Hospitals are setting up tents and clearing wards to prepare for an expected influx of Covid-19 patients.

Some hospitals have opted to use tents to triage people who might have the new coronavirus, the Herald on Sunday understands - keeping potential carriers well away from other staff and patients.

New Zealanders will be used to seeing such measures used after disasters overseas, and their use here underlines the health emergency the country and world faces.

GP clinics are giving flu jabs in carparks, and photos emerged last week of hundreds of campervans lined up at sites in Auckland and Christchurch, ready for returning travellers to use for self-isolation.

Advertisement

Large numbers of elective (non-urgent) surgeries and procedures are also being postponed or sent to private hospitals to free up space and resources.

It's understood much of the elective surgery centre at North Shore Hospital, a stand-alone building, will be used to treat coronavirus patients.

Waitematā DHB referred questions to the Ministry of Health. A spokeswoman said it was in close talks with the country's 20 DHBs about a "whole of system" response, including how to use hospitals and facilities.

"We understand the three Auckland DHBs are looking at options to care for Covid-19 patients safely while also providing essential services."

Health Minister David Clark has confirmed hospitals might be mostly dedicated to coronavirus treatment, should the situation demand it.

"Some countries facing more cases of Covid-19 are dedicating some hospitals to treating the disease, and keeping others clear for other medical care," he said. "That approach could be used here as well, but no decisions have been taken at this stage.

"A huge amount of planning is going on across the health system for a range of possible scenarios."

Stopping Covid-19 from spreading within a hospital is essential to protect other patients and staff. If the latter fall sick then workforce shortages and burnout can quickly become a crisis.

Advertisement

Covid19.govt.nz: The Government's official Covid-19 advisory website

Some DHBs have also ordered urgent building work to construct more negative pressure facilities, which use lower air pressure to stop internal air from reaching the rest of the hospital, allowing patients with infectious conditions to be isolated.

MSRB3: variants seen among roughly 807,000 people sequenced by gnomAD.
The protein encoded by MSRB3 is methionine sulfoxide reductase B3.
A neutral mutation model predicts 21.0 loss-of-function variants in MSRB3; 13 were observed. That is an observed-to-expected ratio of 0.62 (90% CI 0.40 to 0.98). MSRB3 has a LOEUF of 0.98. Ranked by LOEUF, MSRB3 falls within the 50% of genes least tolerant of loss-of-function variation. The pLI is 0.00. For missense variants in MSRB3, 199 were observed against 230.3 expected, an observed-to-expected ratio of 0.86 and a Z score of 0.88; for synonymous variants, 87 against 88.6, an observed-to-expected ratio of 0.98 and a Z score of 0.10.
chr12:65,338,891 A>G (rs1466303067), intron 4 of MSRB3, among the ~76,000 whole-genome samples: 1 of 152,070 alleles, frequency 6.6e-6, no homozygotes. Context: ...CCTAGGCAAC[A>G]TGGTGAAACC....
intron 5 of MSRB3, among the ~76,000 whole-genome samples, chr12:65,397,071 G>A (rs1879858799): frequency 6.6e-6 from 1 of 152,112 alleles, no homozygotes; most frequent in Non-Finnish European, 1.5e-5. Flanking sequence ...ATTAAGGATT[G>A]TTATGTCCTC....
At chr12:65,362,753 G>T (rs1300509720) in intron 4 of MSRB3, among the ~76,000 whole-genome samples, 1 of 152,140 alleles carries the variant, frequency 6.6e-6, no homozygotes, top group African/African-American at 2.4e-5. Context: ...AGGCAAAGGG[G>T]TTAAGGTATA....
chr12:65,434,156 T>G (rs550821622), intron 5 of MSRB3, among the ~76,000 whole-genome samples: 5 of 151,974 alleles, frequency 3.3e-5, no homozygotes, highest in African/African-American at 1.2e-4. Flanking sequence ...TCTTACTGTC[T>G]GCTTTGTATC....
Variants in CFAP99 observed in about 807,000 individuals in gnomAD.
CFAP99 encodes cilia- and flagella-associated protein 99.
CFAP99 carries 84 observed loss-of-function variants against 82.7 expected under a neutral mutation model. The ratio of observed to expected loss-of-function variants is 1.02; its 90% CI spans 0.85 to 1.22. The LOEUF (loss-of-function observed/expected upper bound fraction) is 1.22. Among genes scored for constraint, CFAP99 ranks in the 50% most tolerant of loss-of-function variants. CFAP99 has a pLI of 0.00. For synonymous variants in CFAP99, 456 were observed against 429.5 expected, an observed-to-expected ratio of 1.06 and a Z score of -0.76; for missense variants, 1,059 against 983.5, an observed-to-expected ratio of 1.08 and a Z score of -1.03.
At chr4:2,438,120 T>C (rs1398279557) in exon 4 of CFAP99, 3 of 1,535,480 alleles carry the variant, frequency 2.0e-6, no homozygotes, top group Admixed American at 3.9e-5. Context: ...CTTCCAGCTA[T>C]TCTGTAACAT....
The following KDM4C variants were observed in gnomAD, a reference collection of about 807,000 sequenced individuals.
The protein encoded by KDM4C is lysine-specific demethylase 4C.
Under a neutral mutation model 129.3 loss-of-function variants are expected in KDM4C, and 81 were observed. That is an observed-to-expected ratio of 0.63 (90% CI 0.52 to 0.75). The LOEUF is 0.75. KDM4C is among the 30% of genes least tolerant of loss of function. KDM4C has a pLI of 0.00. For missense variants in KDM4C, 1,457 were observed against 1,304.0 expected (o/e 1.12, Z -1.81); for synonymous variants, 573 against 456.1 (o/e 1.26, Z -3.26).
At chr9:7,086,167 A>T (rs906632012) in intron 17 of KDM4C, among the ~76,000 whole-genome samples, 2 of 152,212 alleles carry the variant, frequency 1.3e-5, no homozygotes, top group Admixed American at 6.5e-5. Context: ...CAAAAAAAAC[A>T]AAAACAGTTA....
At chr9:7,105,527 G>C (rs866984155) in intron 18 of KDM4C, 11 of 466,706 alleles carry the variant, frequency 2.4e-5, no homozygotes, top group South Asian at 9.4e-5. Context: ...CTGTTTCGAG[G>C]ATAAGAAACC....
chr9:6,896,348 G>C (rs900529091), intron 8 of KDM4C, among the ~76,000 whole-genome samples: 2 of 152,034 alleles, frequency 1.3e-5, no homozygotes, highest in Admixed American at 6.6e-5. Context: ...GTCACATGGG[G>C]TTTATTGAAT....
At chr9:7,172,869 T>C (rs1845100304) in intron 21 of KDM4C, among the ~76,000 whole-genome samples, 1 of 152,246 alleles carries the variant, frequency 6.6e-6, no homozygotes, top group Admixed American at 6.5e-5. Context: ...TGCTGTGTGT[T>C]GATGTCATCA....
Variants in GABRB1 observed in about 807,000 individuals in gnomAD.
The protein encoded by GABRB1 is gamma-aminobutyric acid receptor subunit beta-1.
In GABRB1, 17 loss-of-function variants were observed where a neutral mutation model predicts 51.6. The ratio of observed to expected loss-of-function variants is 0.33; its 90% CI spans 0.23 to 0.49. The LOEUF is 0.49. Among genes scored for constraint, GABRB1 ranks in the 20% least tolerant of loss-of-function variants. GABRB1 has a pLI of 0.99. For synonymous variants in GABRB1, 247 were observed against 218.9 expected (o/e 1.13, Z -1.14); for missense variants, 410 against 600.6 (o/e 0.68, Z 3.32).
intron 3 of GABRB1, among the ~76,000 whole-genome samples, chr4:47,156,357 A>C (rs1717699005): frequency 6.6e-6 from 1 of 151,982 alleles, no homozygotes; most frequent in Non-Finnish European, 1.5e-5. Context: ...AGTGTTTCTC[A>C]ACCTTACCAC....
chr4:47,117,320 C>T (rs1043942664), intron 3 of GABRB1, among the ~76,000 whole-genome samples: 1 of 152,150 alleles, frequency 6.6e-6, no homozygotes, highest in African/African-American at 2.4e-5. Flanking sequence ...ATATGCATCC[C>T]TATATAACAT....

Huge efforts are also underway to treble the number of ICU beds in the public system, with staff preparing to work unfamiliar roles in intensive care. Anaesthetic staff could be deployed as hospital "resuscitationists" on intubation teams, working under the supervision of intensive care specialists.

Some have chosen to live away from their families for the foreseeable future to limit the threat of transmission, and Auckland DHB and others are looking at providing accommodation.

The Australian and New Zealand Intensive Care Society has pleaded with Kiwis to respect the level 4 restrictions, to avoid a rapid increase in those numbers and people who will need hospital-level care. The public system's intensive care units already run at about 80-90 per cent capacity, without Covid-19 cases.

More than 2500 doctors, nurses, midwives and scientists have come out of retirement or quit parental leave to join the fight against the new coronavirus, and the Ministry of Health has asked more to come forward.

New Zealand has had 451 confirmed Covid-19 cases. Twelve people are in hospital, including two in intensive care.

Prime Minister Jacinda Ardern has marked April 6 as the first day when there could be signs that the unprecedented level 4 restrictions have helped break chains of Covid-19 transmission. By then there could be about 4000-5000 confirmed cases.

"Don't be disheartened when you continue to see our numbers increase," she said yesterday. "I expect that we will have a number of cases and those cases will grow steeply because of the lag of Covid-19."

University of Otago epidemiologist Professor Michael Baker has said the critical number is not overall cases, but how many people are infected by community transmission of the virus. So far, most confirmed cases are still linked to overseas travel.

The mortality rate was about 1 per cent, Baker said, but there were many factors including how overwhelmed the health system is.

Yesterday, All of Government Controller John Ombler told media that authorities were pleased with how most Kiwis were behaving during the lockdown - with a few exceptions.

"I've heard today that some people were playing touch rugby and frisbee in parks, that's just stupid," he warned. "Please don't do it - don't be stupid."